The National Poet, Lexicographer and Translator

Dun Karm was born at Żebbuġ, the son of Filippo and Annunziata née Pisani and relative of Lazzaro Pisani*, and was educated at the Seminary (1885-1894) and then proceeded to study philosophy (1888-1890) and theology (1890-1894) at the UM. He was ordained priest in 1894. From 1895 to 1921 he taught various subjects at the seminary: Italian, Latin, English, arithmetic, geography, cosmography, ecclesiastical history, and Christian archaeology. In 1921 he was appointed assistant librarian at the National Library and in 1923 director of circulating libraries, a post he held till his retirement in 1936.

In 1921, Dr A.V. Laferla*, the director of education, asked Dun Karm to compose some verses to a music score by Dr Robert Samut. The Innu Malti was sung for the first time at the Manoel Theatre in 1923. In 1941 it was officially designated the national anthem and in 1964 re-affirmed in the Independence Constitution.

In 1921 Dun Karm was one of the founding members of the Għaqda tal-Kittieba tal-Malti (later Akkademja tal-Malti) and on the death of Ġużè Muscat Azzopardi* in 1927, he was elected president of the Għaqda and then editor of its official organ, Il-Malti. He carried out these functions till 1942 when he was nominated honorary president of the Għaqda for life. In recognition of his contribution to Maltese literature, he was granted a DLitt (honoris causa) by the RUM in 1945 - the first time the University granted such an honour. A year later he was awarded the Ġużè Muscat Azzopardi gold medal.  Queen Elizabeth II decorated him with the CBE in 1956. In 1957 the Maltese government issued him an ex gratia pension in recognition of his services to Maltese literature. During his lifetime he was also honoured as the National Poet of Malta.

Before 1912 Dun Karm wrote only in Italian. His first known published poem is ‘La Dignita Episcopale’ (1889), after which he published Foglie d’Allora (1896) and Versi (1903), another collection of Italian poems. These poems show his literary background dominated, in accordance with his times, by Virgil, Horace, Dante, Shakespeare, Petrarch, Milton, Voltaire, Keats, and Manzoni. In 1912 Mgr, Pawl Galea and Ġużè Muscat Azzopardi started publishing the Maltese periodical, Il-Ħabib, and Dun Karm wrote ‘Quddiem Xbieha tal-Madonna’, his first poem in Maltese, which appeared in its first issue. His best poems include ‘Il-Musbieħ tal-Mużew’ (1920), ‘Non Omnis Moriar’ (1927), and a translation of Ugo Foscolo’s poem, ‘L-Oqbra’ (1936). This was followed by his poetic masterpiece ‘Il-Jien u lil Hinn Minnu’ (1938) and the three volumes published between 1939 and 1940: Il-Għana ta’ Dun Karm Vol.I - X’Ħabb u X’Ħaseb il-Poeta; Il-Għana ta’ Dun Karm Vol. II - X’Emmen il-Poeta; and Il-Għana ta’ Dun Karm Vol. III, X’Għamel Iżjed il-Poeta. He published another volume in Italian, Liriche (1954).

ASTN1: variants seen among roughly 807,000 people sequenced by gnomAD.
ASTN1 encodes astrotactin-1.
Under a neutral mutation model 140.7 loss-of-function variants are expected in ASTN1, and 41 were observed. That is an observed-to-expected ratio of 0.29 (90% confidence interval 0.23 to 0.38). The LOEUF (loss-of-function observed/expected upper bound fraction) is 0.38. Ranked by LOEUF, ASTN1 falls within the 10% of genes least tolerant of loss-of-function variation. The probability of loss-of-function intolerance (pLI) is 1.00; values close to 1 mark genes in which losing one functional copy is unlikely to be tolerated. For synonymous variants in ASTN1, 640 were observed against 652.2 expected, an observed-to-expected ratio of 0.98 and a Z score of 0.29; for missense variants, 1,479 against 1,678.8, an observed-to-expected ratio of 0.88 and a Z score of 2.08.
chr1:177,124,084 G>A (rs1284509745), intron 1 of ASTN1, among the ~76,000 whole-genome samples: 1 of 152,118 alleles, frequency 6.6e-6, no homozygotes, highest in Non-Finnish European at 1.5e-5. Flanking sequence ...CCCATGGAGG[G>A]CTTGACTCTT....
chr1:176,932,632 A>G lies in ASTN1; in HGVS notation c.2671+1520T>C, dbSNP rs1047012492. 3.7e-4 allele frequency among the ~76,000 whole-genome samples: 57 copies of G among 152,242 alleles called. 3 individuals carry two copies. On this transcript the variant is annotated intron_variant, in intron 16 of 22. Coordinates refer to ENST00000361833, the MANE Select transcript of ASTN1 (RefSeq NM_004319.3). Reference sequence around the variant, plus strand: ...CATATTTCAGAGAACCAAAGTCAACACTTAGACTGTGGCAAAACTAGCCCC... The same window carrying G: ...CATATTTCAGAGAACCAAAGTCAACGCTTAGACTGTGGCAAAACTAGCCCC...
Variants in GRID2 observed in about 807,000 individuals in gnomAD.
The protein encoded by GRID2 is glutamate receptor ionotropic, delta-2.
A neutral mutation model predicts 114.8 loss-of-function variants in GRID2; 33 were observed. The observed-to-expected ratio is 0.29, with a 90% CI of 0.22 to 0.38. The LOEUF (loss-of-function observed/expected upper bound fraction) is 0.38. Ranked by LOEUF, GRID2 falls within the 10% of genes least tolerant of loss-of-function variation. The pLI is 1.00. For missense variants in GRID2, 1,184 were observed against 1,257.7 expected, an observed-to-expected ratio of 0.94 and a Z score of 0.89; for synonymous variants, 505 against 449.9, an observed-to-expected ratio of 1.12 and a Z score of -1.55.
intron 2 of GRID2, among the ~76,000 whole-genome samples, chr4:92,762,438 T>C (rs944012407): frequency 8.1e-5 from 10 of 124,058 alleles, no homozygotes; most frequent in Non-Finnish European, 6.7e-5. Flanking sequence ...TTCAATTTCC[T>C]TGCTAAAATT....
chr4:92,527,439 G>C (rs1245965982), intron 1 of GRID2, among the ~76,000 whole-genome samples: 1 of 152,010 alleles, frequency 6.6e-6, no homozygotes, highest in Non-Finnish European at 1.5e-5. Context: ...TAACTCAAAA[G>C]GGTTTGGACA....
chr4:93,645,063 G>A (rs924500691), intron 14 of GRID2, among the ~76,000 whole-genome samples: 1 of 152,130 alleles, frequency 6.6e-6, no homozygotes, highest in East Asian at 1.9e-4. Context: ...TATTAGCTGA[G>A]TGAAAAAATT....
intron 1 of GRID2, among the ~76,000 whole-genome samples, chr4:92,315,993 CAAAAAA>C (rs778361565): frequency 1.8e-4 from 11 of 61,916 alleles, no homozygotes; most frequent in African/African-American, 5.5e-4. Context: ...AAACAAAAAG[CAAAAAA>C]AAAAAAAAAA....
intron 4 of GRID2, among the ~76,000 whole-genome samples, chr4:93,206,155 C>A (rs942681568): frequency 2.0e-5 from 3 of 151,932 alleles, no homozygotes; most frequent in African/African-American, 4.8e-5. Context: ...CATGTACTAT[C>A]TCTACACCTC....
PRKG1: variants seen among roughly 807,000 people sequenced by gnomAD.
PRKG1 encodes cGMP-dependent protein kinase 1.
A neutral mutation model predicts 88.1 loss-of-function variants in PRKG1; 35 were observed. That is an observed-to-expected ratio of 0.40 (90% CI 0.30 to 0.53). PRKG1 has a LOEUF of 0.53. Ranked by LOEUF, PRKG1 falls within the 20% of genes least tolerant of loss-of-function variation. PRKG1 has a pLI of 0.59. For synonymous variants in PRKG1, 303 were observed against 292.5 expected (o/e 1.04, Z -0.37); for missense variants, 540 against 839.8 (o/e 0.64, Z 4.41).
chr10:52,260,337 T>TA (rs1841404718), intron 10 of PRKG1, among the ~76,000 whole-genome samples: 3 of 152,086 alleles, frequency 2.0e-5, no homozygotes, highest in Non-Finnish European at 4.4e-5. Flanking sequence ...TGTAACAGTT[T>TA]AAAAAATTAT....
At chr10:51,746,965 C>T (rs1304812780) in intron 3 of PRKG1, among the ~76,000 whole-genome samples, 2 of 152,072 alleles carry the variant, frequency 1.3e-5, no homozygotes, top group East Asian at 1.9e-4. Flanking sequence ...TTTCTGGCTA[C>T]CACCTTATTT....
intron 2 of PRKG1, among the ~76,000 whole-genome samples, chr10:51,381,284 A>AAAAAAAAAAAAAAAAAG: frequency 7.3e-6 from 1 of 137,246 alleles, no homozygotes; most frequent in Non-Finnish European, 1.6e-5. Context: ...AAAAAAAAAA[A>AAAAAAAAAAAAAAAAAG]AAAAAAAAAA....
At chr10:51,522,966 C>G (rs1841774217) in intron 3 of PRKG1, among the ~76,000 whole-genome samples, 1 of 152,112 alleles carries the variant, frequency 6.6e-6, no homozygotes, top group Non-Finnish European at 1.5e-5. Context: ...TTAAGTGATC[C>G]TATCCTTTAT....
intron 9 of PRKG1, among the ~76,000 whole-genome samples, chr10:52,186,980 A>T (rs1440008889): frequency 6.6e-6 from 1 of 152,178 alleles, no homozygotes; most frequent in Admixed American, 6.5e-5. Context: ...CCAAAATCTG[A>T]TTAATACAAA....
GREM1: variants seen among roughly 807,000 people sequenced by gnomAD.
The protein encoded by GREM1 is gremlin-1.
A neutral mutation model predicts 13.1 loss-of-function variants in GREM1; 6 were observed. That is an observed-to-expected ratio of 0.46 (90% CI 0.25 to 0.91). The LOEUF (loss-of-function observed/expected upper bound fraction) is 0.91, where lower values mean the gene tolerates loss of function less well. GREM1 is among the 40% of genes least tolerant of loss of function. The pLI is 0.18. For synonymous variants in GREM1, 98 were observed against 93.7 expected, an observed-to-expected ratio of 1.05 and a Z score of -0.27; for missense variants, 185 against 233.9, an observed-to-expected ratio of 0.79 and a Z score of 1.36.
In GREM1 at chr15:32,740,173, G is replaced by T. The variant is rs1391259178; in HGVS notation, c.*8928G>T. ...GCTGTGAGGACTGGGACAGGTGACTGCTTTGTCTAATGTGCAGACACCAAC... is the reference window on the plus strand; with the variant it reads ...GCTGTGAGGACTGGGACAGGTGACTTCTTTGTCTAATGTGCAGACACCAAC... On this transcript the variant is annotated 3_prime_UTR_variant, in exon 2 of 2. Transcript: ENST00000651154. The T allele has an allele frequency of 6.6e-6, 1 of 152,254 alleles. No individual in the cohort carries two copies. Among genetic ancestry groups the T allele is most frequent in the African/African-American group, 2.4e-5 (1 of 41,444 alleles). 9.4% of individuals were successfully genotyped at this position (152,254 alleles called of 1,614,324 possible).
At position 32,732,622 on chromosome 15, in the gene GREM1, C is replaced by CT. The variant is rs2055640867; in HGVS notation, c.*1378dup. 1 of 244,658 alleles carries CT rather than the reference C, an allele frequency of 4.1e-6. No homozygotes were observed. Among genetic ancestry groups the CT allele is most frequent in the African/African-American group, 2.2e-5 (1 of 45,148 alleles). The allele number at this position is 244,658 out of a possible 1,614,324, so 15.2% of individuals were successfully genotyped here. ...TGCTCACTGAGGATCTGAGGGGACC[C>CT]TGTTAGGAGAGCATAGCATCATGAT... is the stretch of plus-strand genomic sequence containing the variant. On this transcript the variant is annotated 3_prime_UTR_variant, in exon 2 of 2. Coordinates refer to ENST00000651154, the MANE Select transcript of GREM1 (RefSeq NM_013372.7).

Dun Karm often found poetic expression in his solitude which was eventually accompanied by a high degree of spiritual balance. His poetry reflects a background of village life crowned with an atmosphere of family feeling and it also portrays the Maltese countryside with a perspective imagination. It synthesizes the popular culture of the Maltese, which is quite evident from the rural characteristics that furnish its local identity, with the literary culture based largely on Italian romanticism. His first works in Italian reveal an early life of peace and calm; after the death of his mother, solitude became his companion. When he decided to make Maltese the medium of his creativity, he explored poetically Malta’s history to confirm its cultural and national identity. At the same time some of his best poems illustrate an inner journey of sentimental and moral experience. His poetry exhibits great subjectivity but it also expresses his country’s collective aspirations. Both the personal and the national sentiments are treated from a deep religious viewpoint that discusses existentialism. The spiritual crisis in ‘Il-Jien u Lil hinn Minnu’ is analysed in universal human terms that illuminate man’s existence and insist on the inexplicability of the relations between God and man, except for the latter’s absolute acceptance of the former’s hidden power.

Dun Karm’s writings include Żewġ Anġli: Ineż u Emilia (translated, 1934, from an Italian novel by D. Caprile), ‘Il-Lsien Malti: għaliex baqa’ lura (1929), ‘Il-Lsien Malti: ortografija waħda meħtieġa bħall-ħobż (1929), ‘Għaliex ma jitgħallmux il-Malti’ (1930), ‘Il-poeżija Maltija fl-iskejjel aħjar minn kull waħda oħra’ (1930), ‘Dizzjunarju tas-sinonimi Maltin’ (1933), ‘Il-Letteratura tagħna’ (1937), ‘Ġużè  Muscat Azzopardi’ (1927), and ‘Dun Mikiel Xerri’ (1937). Besides these he wrote a few critical works. He also compiled a dictionary between 1947 and 1955 in three volumes, Dizzjunarju Ingliż u Malti.   

This biography is part of the collection created by Michael Schiavone over a 30-year period. Read more about Schiavone and his initiative here.

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